Populism and Discontent: Comparing the United States and Australia

The next Senate’s next occasional lecture is to be presented by Professor Simon Jackman, CEO of the United State Studies Centre at the University of Sydney. Below is an outline of what Professor Jackman will be speaking about.

Elections in Australia and the United States during 2016 have been
interpreted as reflecting a surge in populist sentiment and discontent with
democratic institutions and outcomes. However, careful analysis of the
election results and some accompanying survey data in both the United
States and Australia indicates that, although dissatisfaction with major
political parties and processes of government has been increasing for some
time, it is far from universal and is strongly segmented by class and region.
The political expression of this dissatisfaction in the 2016 elections followed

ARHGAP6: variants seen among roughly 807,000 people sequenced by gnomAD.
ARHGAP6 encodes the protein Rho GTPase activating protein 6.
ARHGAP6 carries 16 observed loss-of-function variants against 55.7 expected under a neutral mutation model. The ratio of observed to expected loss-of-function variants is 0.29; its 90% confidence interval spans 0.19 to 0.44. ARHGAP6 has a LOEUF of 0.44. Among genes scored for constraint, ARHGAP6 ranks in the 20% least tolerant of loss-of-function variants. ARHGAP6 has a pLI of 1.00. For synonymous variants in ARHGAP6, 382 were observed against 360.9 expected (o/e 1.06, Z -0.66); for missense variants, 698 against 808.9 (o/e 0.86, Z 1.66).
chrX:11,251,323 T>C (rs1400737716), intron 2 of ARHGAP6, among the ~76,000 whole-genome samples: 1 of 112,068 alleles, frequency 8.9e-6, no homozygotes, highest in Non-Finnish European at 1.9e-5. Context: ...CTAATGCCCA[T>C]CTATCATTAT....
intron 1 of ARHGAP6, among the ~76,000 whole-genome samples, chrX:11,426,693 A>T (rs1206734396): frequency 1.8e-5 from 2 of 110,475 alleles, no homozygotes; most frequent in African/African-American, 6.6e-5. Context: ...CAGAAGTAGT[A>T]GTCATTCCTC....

each country’s electoral rules and procedures (e.g. compulsory preferential
voting in Australia and the Electoral College in the United States), which
play a critical mediating role in the translation of dissatisfaction into election
outcomes and policy. Professor Jackman will conclude with an analysis of
Australian reactions to the election of Mr Trump and of Mr Trump’s foreign
policy and its implications for the US-Australia relationship.

The lecture will be held in the Main Committee Room of Parliament House at 12.15 on Friday 17 February.

For those ACT ASPG members who are able to attend the lecture, it is a great chance to share a cuppa at the Queen’s Terrace Cafe afterwards to discuss, debrief, debate.


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